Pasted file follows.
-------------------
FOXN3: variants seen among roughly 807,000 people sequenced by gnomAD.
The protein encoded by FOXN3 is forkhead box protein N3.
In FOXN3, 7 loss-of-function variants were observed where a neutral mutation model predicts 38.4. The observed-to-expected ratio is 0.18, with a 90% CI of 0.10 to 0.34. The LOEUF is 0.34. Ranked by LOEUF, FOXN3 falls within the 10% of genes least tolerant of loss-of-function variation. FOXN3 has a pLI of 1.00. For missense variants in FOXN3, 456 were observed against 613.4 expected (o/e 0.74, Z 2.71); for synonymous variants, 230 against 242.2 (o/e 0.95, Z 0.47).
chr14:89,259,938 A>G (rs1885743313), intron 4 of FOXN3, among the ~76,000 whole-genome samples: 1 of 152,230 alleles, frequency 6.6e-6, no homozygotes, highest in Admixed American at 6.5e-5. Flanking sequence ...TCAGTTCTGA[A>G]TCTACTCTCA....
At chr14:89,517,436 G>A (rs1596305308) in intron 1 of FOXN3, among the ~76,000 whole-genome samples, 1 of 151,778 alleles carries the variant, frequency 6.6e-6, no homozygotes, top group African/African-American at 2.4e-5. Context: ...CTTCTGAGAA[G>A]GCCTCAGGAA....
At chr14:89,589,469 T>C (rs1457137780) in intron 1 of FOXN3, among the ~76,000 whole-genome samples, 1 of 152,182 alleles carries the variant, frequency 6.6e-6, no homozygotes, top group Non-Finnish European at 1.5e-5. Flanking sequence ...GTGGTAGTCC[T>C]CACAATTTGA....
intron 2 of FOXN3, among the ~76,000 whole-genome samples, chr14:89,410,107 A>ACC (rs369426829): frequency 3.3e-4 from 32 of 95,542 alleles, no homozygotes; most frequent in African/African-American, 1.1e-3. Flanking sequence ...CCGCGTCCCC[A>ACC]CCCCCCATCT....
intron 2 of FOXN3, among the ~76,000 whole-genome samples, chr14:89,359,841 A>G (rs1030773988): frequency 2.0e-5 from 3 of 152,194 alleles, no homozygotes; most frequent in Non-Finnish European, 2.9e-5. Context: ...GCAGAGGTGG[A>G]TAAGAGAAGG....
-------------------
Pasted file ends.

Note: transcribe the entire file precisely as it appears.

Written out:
FOXN3: variants seen among roughly 807,000 people sequenced by gnomAD.
The protein encoded by FOXN3 is forkhead box protein N3.
In FOXN3, 7 loss-of-function variants were observed where a neutral mutation model predicts 38.4. The observed-to-expected ratio is 0.18, with a 90% CI of 0.10 to 0.34. The LOEUF is 0.34. Ranked by LOEUF, FOXN3 falls within the 10% of genes least tolerant of loss-of-function variation. FOXN3 has a pLI of 1.00. For missense variants in FOXN3, 456 were observed against 613.4 expected (o/e 0.74, Z 2.71); for synonymous variants, 230 against 242.2 (o/e 0.95, Z 0.47).
chr14:89,259,938 A>G (rs1885743313), intron 4 of FOXN3, among the ~76,000 whole-genome samples: 1 of 152,230 alleles, frequency 6.6e-6, no homozygotes, highest in Admixed American at 6.5e-5. Flanking sequence ...TCAGTTCTGA[A>G]TCTACTCTCA....
At chr14:89,517,436 G>A (rs1596305308) in intron 1 of FOXN3, among the ~76,000 whole-genome samples, 1 of 151,778 alleles carries the variant, frequency 6.6e-6, no homozygotes, top group African/African-American at 2.4e-5. Context: ...CTTCTGAGAA[G>A]GCCTCAGGAA....
At chr14:89,589,469 T>C (rs1457137780) in intron 1 of FOXN3, among the ~76,000 whole-genome samples, 1 of 152,182 alleles carries the variant, frequency 6.6e-6, no homozygotes, top group Non-Finnish European at 1.5e-5. Flanking sequence ...GTGGTAGTCC[T>C]CACAATTTGA....
intron 2 of FOXN3, among the ~76,000 whole-genome samples, chr14:89,410,107 A>ACC (rs369426829): frequency 3.3e-4 from 32 of 95,542 alleles, no homozygotes; most frequent in African/African-American, 1.1e-3. Flanking sequence ...CCGCGTCCCC[A>ACC]CCCCCCATCT....
intron 2 of FOXN3, among the ~76,000 whole-genome samples, chr14:89,359,841 A>G (rs1030773988): frequency 2.0e-5 from 3 of 152,194 alleles, no homozygotes; most frequent in Non-Finnish European, 2.9e-5. Context: ...GCAGAGGTGG[A>G]TAAGAGAAGG....